The Effects Of Color In Marketing

Taking advantage of the psychology of color to elicit an unconscious response from the human mind isn’t a new trick. Studies show that the impression color gives off certain products can sway their likelihood of purchase by between 62 percent to 90 percent. Bright, warm and flashy colors, like red, orange, and yellow, express urgency, stimulate circulation and increase metabolism, respectively. The adverse effect is used in marketing as well. Dark, cool colors like green, blue, and purple are used to calm, relax and reduce heart rate. 

This trend is apparent when looking at the logos of corporations. A red symbol, like Target, denotes urgency and importance. A blue logo, like Ikea, signifies trust in a corporation and calms readers. Black, like Prada, conveys strength, sophistication, and mystery, and orange, like The Home Depot, denotes the urgency of red, but with a more cheerful palette of yellow.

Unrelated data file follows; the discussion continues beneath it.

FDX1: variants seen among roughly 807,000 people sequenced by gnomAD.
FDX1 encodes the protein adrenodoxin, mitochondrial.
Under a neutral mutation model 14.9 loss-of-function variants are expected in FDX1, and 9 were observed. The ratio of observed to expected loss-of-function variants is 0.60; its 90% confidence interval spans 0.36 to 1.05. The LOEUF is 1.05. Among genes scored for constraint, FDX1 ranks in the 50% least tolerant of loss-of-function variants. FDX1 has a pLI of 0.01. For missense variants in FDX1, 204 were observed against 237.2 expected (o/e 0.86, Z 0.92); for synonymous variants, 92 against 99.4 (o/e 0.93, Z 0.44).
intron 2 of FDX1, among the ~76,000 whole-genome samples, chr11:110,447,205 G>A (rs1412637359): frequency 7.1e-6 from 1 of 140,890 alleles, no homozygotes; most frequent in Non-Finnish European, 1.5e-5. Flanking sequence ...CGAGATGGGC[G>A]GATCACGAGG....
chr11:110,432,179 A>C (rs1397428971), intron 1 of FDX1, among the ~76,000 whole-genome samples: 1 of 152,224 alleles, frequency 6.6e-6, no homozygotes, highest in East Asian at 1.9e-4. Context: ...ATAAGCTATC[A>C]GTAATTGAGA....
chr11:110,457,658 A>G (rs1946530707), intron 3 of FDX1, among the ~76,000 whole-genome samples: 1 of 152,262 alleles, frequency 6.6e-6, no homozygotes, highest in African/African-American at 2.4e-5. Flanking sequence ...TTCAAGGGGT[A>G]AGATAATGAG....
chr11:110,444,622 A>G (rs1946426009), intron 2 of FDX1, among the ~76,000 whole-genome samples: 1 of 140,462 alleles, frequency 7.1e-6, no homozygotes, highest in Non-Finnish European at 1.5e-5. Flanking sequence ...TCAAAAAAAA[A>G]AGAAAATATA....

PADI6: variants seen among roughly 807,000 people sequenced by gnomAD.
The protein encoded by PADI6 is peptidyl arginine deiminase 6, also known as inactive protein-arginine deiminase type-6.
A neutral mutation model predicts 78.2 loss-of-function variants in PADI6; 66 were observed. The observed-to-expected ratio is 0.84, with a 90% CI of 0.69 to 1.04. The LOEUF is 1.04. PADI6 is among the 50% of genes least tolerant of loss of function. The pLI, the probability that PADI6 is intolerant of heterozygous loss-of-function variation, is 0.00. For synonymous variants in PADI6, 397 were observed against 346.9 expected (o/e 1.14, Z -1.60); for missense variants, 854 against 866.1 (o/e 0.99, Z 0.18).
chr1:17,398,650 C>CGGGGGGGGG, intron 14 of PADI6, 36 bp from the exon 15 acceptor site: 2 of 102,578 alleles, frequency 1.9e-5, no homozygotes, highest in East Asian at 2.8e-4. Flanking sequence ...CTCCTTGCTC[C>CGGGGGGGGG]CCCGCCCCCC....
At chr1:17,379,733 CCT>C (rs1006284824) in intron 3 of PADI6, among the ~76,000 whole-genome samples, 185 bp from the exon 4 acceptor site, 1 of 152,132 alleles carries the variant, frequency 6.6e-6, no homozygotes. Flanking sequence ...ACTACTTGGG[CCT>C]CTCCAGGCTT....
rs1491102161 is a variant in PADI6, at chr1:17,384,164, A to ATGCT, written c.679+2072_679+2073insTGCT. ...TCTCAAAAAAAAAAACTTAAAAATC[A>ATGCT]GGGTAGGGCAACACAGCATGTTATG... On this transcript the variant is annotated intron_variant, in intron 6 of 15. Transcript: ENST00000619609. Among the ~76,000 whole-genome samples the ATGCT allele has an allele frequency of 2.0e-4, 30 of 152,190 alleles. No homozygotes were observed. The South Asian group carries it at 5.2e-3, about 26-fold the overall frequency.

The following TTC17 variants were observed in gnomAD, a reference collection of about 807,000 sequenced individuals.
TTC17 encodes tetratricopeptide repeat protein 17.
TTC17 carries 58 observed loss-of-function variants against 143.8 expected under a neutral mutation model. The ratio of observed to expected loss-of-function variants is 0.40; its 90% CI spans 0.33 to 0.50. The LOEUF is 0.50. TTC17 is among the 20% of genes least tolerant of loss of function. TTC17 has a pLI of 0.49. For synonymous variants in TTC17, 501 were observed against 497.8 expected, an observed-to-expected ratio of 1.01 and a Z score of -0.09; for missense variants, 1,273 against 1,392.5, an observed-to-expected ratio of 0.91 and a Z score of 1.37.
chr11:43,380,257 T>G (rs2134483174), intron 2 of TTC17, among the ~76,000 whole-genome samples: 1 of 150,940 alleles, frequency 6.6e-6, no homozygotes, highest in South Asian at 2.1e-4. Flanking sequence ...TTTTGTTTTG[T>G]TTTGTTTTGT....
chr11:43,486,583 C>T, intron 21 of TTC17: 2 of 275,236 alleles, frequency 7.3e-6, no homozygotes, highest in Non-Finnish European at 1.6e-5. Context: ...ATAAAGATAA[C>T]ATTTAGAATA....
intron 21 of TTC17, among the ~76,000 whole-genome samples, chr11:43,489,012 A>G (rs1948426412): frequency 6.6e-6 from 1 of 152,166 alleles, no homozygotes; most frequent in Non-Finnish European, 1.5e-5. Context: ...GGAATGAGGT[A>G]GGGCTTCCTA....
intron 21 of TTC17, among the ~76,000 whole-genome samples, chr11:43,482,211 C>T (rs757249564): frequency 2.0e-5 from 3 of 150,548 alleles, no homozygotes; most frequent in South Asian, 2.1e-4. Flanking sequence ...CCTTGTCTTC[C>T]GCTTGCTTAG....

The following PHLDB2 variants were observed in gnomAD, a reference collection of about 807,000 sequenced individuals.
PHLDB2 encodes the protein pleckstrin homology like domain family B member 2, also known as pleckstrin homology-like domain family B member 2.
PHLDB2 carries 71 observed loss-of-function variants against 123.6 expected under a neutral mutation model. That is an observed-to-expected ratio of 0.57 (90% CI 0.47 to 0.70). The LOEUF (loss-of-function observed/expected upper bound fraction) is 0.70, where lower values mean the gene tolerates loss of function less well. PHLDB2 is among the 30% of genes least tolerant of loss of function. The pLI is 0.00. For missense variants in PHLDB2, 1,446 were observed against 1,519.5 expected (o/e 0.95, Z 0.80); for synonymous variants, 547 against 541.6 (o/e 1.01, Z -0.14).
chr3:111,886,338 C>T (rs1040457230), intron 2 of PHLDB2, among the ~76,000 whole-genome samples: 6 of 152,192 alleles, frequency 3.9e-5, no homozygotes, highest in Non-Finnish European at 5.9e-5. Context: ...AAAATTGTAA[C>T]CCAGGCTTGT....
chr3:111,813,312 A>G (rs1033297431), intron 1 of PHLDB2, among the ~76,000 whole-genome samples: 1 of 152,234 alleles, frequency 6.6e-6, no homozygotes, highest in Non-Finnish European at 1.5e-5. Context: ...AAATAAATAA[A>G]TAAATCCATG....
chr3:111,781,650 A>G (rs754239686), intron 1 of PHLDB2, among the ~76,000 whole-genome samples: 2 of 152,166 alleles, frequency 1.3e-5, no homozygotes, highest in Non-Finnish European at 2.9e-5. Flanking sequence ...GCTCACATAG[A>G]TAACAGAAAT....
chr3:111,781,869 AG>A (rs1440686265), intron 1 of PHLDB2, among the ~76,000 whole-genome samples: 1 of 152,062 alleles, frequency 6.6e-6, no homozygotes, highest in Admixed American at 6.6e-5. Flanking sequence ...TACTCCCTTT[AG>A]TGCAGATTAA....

The psychology of color accounts for home sales, also. Higher performance colors, like light blue, black, gray or taupe are popular for their subconscious neutrality or pleasant connotations. Lower performance colors, like brown, red, and yellow, are disliked for their unusual palette and have negative connotations.

Learn about the psychology of color in marketing, what color does to the brain, and colors that maximize your marketing value

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